- Neoplastic mast cells in tissue sections commonly forms multifocal compact aggregates, diffuse sheets, band like infiltrate or diffuse interstitial infiltration or mix pattern. Perivascular collections of mast cells seen in telangiectasia macularis eruptiva perstans (TMEP). Spindle shape with hypogranularity is common in neoplastic mast cells. Frequent bi- or multilobated nuclei are suggestive of aggressive and high-grade disease. Multifocal compact aggregates of mast cells in bone marrow appears as a para-trabecular, perivascular, parafollicular location. Mast cells are intermingled with lymphocytes, eosinophils, histiocytes, and fibroblasts. Bone marrow may show diffuse reticulin fibrosis and thickening of bony trabeculae. Metachromatic blast cells are seen in mast cell leukemia. Mitotic figures are not common even in aggressive or leukemic variants. Neoplastic mast cells have a similar antigen profile to normal mast cells; however, neoplastic cells co-express CD2 &/or CD25. Here the cell of interest should not be mistaken as CD2 positive T cells. Also, CD25 expression may be negative or weak in well-differentiated mast cell disease. CD117 strongly highlights the increased numbers of perivascular spindle-shaped mast cells in TMEP.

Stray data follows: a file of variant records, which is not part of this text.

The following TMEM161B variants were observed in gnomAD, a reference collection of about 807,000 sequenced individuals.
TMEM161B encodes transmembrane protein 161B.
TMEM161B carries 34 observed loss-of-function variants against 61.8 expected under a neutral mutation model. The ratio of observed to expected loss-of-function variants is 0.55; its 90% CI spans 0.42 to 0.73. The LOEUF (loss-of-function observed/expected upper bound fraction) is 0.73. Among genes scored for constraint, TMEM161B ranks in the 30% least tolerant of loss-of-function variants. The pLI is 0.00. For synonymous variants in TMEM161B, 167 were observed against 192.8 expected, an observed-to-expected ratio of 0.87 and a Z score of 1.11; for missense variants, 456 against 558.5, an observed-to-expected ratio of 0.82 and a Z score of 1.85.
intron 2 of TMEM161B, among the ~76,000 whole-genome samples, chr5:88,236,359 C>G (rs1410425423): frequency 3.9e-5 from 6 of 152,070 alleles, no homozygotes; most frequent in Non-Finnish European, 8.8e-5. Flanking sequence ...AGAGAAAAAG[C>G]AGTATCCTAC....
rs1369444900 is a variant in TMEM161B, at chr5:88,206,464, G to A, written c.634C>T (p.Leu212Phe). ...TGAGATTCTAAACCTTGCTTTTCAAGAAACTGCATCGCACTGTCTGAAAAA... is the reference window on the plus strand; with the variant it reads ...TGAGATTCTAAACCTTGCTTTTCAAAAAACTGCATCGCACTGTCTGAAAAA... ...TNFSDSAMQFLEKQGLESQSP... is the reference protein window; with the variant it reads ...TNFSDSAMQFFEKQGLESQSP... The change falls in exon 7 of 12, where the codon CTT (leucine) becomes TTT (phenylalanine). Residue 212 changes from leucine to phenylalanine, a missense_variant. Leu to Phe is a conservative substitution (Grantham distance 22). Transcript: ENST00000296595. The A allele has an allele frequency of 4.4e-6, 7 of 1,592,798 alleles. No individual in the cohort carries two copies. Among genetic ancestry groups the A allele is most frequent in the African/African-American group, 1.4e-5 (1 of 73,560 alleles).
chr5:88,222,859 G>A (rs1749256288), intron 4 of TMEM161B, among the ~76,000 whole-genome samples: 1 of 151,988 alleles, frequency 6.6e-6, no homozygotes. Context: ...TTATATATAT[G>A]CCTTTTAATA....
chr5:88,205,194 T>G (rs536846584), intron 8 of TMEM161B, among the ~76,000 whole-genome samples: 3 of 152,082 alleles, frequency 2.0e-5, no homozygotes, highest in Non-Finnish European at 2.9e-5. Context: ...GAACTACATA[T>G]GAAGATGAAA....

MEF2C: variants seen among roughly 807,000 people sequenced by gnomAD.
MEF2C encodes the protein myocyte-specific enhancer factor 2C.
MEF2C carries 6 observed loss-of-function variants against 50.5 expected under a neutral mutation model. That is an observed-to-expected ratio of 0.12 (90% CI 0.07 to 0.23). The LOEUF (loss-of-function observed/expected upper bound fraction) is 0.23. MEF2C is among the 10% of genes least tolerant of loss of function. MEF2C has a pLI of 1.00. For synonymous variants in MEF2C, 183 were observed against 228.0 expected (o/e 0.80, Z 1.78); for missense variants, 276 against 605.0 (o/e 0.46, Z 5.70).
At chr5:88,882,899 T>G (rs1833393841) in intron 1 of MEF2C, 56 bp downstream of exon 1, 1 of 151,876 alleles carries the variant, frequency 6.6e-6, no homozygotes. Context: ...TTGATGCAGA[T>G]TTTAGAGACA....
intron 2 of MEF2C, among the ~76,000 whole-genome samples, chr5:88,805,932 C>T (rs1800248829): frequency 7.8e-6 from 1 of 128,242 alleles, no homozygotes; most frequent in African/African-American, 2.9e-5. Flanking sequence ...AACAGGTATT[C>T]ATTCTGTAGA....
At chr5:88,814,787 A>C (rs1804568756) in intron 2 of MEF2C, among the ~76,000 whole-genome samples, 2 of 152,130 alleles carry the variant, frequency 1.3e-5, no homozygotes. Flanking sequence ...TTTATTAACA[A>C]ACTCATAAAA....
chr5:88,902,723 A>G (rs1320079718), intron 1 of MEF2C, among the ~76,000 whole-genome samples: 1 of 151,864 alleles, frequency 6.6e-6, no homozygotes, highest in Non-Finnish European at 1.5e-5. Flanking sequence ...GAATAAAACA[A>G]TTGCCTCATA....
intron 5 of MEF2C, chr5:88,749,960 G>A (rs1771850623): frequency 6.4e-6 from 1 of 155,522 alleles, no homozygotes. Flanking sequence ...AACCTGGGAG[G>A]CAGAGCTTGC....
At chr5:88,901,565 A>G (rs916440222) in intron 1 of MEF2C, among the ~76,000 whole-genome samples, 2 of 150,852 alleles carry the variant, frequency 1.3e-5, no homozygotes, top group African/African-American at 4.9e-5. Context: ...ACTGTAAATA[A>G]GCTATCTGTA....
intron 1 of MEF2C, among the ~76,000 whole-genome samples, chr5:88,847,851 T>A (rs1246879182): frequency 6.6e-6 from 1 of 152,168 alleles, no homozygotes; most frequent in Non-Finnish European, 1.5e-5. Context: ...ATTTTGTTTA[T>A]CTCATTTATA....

- The most common mutation is D816V in exon 17 within KIT protooncogene. Rare familial cases with germline mutations of KIT have been reported. About 1/3 of systemic mastocytosis cases are associated with TET2 mutations.
- The majority of pediatric cases have improvement of symptoms over time (complete regression by adolescence seen in > 50% of cases) and in general no specific treatment required except antihistamines, mast cell degranulators and topical steroids. Transformation to systemic mastocytosis is more likely in diffuse cutaneous mastocytosis than urticaria pigmentosa. In adults, cutaneous lesions generally do not regress and are often associated with systemic mastocytosis. Usually, adults have normal life expectancy, but some have aggressive course with survival of a few months. No curative therapy for systemic mast cell disease, however, PKC412 tyrosine kinase inhibitor may be effective in treating systemic mastocytosis with mutated KIT.
- Percentage of mast cells along with abnormal morphology in bone marrow is an independent predictor of survival in systemic mastocytosis.